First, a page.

A study published in the journal Zootaxa by the University of Seville (Spain) and the Museum of Natural History in Canada describes a new species of marine crustacean found on the coast of California (USA).
As José Manuel Guerra García, the main author of the study, explains: "This new species presents differences relative to other examples of the same genus in the dorsal protuberances on its body, as well as in its legs, pincers and abdomen."
The researchers have named this new crustacean Liropus minusculus on account of its small size. The males measure only around 3.3 mm and the females 2..1 mm. The appearance of this animal for the first time in the northeast Pacific enables us to find out about the biogeographical patterns of the genus and understand its speciation processes.
"Specimens of the Liropus genus can be found in both the Atlantic and the Mediterranean. Taxonomic research on caprellid crustaceans are crucial to identifying them correctly and knowing which species we are working with in ecological research and other applied studies on marine bioindicators, uses in aquaculture, extraction of compounds of pharmacological interest, etc.," stresses Guerra García.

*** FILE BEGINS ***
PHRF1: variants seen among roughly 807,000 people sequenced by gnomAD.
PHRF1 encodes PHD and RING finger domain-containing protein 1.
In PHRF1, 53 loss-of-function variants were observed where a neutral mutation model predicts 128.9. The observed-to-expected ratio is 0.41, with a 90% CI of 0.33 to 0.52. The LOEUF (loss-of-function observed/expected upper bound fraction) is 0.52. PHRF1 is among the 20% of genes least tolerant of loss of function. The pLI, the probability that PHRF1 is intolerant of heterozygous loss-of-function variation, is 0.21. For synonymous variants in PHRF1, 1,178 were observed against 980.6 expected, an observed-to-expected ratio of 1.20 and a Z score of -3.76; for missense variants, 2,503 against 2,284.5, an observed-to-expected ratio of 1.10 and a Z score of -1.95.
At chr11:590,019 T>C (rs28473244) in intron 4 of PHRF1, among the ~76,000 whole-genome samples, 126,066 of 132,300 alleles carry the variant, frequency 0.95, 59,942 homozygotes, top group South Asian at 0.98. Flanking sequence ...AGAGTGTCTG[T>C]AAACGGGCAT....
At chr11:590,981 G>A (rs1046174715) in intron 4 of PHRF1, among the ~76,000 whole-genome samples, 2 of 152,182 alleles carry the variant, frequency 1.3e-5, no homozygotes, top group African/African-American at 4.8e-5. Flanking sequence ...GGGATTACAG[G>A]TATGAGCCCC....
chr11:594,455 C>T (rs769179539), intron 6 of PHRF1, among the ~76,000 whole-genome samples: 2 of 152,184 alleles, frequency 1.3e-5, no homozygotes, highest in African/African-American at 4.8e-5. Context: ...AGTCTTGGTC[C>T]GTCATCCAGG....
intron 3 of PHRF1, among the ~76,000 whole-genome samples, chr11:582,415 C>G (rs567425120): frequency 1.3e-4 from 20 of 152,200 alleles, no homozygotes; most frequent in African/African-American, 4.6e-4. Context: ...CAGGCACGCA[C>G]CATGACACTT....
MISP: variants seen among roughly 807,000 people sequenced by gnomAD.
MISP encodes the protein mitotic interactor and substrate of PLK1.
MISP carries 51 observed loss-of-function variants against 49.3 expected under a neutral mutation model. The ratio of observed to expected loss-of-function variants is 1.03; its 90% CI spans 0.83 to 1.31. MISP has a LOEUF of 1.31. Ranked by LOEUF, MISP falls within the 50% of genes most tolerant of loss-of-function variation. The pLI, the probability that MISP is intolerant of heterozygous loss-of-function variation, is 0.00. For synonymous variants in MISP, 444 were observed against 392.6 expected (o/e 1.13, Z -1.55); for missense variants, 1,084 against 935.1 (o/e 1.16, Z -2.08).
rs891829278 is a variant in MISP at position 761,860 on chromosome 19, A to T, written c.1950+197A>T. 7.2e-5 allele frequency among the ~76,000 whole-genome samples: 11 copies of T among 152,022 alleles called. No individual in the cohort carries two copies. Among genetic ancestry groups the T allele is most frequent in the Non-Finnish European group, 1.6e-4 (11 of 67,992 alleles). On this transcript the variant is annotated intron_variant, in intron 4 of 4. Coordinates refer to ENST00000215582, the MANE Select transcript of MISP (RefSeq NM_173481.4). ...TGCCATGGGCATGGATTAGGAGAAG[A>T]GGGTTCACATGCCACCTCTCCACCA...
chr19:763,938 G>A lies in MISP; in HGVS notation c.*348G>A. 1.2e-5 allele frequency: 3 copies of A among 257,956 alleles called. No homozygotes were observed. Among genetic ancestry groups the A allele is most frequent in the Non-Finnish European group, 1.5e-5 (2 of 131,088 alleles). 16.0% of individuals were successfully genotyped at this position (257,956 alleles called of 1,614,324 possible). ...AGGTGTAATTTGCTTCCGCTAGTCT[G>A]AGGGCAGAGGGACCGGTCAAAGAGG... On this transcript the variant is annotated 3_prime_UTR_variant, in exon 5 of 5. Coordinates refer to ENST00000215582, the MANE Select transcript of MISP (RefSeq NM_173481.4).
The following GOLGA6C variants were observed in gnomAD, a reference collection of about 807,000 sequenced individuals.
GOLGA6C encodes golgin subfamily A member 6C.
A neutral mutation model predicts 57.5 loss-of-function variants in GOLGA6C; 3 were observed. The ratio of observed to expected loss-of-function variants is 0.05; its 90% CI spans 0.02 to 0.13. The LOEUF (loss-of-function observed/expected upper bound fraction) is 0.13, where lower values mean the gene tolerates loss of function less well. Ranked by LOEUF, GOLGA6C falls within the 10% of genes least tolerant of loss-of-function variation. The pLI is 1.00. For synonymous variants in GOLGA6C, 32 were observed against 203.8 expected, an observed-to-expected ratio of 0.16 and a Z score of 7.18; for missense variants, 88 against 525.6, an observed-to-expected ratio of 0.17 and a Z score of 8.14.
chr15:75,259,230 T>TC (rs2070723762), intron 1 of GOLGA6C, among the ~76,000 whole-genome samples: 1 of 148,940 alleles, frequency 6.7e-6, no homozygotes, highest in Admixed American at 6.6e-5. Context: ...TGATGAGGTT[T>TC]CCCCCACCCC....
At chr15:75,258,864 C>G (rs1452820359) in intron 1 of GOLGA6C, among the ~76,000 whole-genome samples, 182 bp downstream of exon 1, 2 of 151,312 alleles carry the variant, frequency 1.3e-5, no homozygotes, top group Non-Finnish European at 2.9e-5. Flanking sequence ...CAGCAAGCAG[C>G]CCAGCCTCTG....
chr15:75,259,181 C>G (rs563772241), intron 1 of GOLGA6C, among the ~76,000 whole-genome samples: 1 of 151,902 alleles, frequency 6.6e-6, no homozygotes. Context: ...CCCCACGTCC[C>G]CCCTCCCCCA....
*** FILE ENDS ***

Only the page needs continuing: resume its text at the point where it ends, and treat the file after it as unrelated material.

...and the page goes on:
It is estimated that we know only between 5% and 10% of the species that inhabit our planet, therefore taxonomy is crucial for characterising global biodiversity. Over the last ten years, Dr. Guerra has described eight genera and 62 new species for the science of caprellid crustaceans. This is merely one example of everything that is yet to be discovered.
Another tropical caprellid crustacean appears in the Mediterranean
The scientist also contributed to an article published recently in the journal 'Helgoland Marine Research' which discovered the presence of a species of crustacean native to Brazil, brought to Spanish coasts quite possibly by boats. "This is the caprellid crustacean Paracaprella pusilla," remarks Macarena Ros Clemente, who is the main author of the study and is responsible for the finding.
"Two species of caprellids have been brought to our coasts: Caprella scaura and Paracaprella pusilla. Only the former can be considered an invader, as P. pusilla is, for the moment, merely brought to the coast," the researchers note.
For a species to be considered an invader, it must have been proven that it has consequences, either economic or on the ecosystem, after being introduced.
"Its arrival in the Mediterranean is linked to that of marine hydrozoa, which stick to the shards of boats. Living on these hydrozoa brings them many advantages for finding refuge and capturing their prey, because the Paracaprella pusilla is fundamentally predatory and feeds on copepods -- very small crustaceans -- which become trapped in the hydrozoa," the scientists highlight.
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